US Emma Brown on how to stop our sons from growing up into monstrous men
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To Raise a Boy by Emma Brown Photo illustration by Salon/Kate Warren/Atria
Powerful men of the world are facing a reckoning. Thefacing public allegations of sexual harassment and assault grows weekly, as it has for years. And while all of those men have their differences, they are linked by one major life event: all were once boys. Yes, it feels hard to say aloud, yet it's true — all so-called bad adult men began life as innocent, and in many cases, sweet boys.
Parents are apt to heed this knowledge. What went wrong in the childhood of, say,? And how do we stop sweet and innocent boys from growing into men who do horrible things?
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It's a question journalist Emma Brown seeks to answer in her new book, "," which comes out . In 2006, activist coined the phrase "#MeToo" to foster empowerment among women of color who had been sexually abused. Over a decade later, the phrase evolved into a viral hashtag, popularized by actress Alyssa Milano in the wake of an explosive investigation into claims of sexual misconduct against .
While the Weinstein allegations unfolded, Brown was nursing her six-week old son watching the reckoning unfold on her phone. "The wave of all that, the weight of it, left me breathless and sometimes furious," Brown writes in her book. "And it left me, too, with a persistent, niggling question: How would I raise my son to be different?" Six months after giving birth to her son, back at work she received a tip fromand broke the story about .
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Raising a son while reporting on #MeToo took Brown on a year-long investigative diversion, in which she interviewed researchers, parents, boys, coaches and educators. Her goal was to learn how she could raise her son, and all sons, to have better relationships with women, other men, and themselves. "I'm embarrassed to admit that I had never given much thought to how boys learn to be boys until that moment in time in late 2017, sitting at home with my chubby, cooing infant son, reading about the wrongdoings of men," she writes. "These men had been infants once, too. And then they had grown up."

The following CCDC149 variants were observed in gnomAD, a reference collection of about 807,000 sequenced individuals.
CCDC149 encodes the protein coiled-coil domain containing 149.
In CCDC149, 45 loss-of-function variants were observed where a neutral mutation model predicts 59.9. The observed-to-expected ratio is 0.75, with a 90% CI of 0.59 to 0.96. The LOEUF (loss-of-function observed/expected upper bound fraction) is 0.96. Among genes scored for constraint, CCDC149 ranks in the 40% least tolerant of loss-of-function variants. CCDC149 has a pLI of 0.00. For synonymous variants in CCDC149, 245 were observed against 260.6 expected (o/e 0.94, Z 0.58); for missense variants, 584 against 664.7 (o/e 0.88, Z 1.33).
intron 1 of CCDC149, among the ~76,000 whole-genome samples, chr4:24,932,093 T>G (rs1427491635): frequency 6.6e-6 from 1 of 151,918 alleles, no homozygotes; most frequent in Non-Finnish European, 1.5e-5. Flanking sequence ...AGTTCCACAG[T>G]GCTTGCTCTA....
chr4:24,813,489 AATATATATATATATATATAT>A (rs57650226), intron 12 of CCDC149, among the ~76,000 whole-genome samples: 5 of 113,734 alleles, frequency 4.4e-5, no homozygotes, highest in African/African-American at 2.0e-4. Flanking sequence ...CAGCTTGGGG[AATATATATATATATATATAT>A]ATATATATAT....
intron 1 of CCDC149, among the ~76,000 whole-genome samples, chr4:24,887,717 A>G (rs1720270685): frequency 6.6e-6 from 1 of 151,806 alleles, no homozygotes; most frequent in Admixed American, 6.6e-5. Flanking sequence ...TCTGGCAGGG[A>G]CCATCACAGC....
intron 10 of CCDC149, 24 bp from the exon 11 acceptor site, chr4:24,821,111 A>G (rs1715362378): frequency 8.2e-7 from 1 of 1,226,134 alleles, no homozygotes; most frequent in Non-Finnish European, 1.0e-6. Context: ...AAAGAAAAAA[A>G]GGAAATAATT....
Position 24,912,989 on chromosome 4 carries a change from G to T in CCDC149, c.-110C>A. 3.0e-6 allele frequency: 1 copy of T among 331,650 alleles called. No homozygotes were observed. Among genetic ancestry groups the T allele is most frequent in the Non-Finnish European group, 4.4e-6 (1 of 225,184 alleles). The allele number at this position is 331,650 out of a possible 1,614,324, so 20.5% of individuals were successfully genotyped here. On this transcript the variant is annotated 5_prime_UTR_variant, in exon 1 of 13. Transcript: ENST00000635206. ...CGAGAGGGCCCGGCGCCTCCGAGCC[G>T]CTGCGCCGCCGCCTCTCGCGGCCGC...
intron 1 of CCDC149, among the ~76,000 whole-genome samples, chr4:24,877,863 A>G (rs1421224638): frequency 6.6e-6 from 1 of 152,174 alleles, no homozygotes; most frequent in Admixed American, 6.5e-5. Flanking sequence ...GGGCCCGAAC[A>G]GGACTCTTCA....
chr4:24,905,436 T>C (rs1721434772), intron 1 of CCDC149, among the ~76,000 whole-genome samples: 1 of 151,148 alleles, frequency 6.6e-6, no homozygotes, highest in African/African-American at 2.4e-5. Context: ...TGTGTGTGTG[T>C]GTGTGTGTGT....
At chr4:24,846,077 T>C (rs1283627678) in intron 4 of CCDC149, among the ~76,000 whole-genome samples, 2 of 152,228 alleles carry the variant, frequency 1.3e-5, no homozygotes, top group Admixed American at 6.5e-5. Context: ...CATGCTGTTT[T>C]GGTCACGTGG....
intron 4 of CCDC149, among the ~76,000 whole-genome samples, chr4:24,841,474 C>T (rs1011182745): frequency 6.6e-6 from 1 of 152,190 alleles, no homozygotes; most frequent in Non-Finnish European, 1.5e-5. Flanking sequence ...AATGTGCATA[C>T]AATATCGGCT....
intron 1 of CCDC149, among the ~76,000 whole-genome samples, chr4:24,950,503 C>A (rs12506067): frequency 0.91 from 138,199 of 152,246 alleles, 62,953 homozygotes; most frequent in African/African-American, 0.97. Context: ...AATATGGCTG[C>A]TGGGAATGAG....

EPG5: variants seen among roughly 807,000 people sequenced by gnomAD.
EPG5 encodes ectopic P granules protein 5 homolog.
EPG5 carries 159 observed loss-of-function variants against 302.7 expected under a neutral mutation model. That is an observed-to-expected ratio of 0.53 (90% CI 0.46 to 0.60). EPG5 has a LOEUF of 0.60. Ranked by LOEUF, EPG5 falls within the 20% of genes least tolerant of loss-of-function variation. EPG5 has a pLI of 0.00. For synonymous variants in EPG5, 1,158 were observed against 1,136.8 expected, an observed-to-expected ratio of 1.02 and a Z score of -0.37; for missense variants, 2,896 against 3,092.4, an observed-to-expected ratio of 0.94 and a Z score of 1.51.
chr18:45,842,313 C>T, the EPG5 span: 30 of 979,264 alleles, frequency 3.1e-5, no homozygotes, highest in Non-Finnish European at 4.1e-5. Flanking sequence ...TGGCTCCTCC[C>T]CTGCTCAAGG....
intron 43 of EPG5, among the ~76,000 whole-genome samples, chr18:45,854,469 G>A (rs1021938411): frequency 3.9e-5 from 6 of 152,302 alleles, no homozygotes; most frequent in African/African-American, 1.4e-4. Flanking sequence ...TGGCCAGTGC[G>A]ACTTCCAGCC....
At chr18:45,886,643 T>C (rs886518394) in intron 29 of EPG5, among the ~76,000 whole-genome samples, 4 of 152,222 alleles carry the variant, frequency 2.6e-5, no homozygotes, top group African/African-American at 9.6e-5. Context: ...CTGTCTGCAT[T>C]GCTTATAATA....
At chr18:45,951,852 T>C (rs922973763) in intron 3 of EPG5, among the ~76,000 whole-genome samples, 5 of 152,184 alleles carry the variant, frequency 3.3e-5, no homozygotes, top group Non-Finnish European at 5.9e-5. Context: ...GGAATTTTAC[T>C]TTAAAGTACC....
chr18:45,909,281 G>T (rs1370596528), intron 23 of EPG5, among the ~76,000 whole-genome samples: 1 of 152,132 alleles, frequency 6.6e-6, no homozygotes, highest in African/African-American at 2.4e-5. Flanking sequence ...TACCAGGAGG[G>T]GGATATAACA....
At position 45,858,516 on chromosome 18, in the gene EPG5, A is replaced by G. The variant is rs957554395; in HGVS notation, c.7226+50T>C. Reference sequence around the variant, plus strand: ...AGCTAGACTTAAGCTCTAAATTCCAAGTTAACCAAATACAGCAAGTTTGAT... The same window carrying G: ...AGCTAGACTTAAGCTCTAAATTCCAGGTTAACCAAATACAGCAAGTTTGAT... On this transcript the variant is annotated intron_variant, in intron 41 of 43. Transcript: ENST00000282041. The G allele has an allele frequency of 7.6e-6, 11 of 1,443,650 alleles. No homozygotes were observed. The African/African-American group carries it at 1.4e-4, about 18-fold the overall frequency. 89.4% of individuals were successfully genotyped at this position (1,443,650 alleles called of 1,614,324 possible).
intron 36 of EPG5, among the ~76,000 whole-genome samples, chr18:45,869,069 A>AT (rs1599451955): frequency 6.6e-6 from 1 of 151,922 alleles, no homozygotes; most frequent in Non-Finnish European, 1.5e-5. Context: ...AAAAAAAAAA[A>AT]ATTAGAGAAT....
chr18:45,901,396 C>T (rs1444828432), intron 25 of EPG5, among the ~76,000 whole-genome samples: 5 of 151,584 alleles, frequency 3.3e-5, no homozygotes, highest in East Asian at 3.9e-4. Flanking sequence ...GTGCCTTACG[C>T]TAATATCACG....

What she discovers is that men, like women, suffer dangerous gender stereotypes as boys that harm their mental, emotional and physical health. In her book, she discusses how the rise of porn coincided with the decline of effective sex education in American public schools — which, taken together, makes it challenging for boys to understand boundaries and consent. She examines the importance of male friendship and mentors, and the effectiveness of burgeoning outreach and support programs. Brown leaves readers with a feeling of hope, but doesn't downplay the challenges boys face today.
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"While girls have long been allowed and even encouraged to be boyish, we are finally starting to rethink the penalty we've made boys pay for being girlish," Brown writes. "More parents and teachers and coaches are starting to realize that we owe our sons the same message we are trying to give our daughters: you can become whoever you want and pursue whatever you dream."
Salon interviewed Brown about her book; as always, the interview has been edited and condensed for clarity.
I love the backstory, and obviously it's a very personal subject to you. I thought it was really interesting how you start off right away saying that people should lay off the term "?" Why did you set the stage with that opinion?
As I was talking with boys and young men, I learned from them that that term, for many of them — not for everybody of course — but for many of them, was a really difficult term to take. And I think that when folks I was talking to, when they heard that word many of them felt like they knew where whoever was saying that, they knew where that person was coming from. And it wasn't coming from a place of empathy for what it's like to be a boy or what it's like to be a young man. And so, in my conversations with boys and young men, I just don't find it to be helpful because it's so freighted and loaded with all of these conversations that sometimes you don't even know it's carrying for the person that you're talking to.
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So that's why I choose not to use it. I think I quoted a boy in the book who I talked to, a high school student. He said, if you use that term nobody's going to listen to a word you say. And so if we want boys to hear us, and we want to support boys, I think it helps to use language that they can hear and embrace.
In one part of the book you asked how we can tell boys that they must be empathetic on the one hand, yet fail to show them empathy on the other hand. I'm curious, after reporting your book, do you have an answer to that?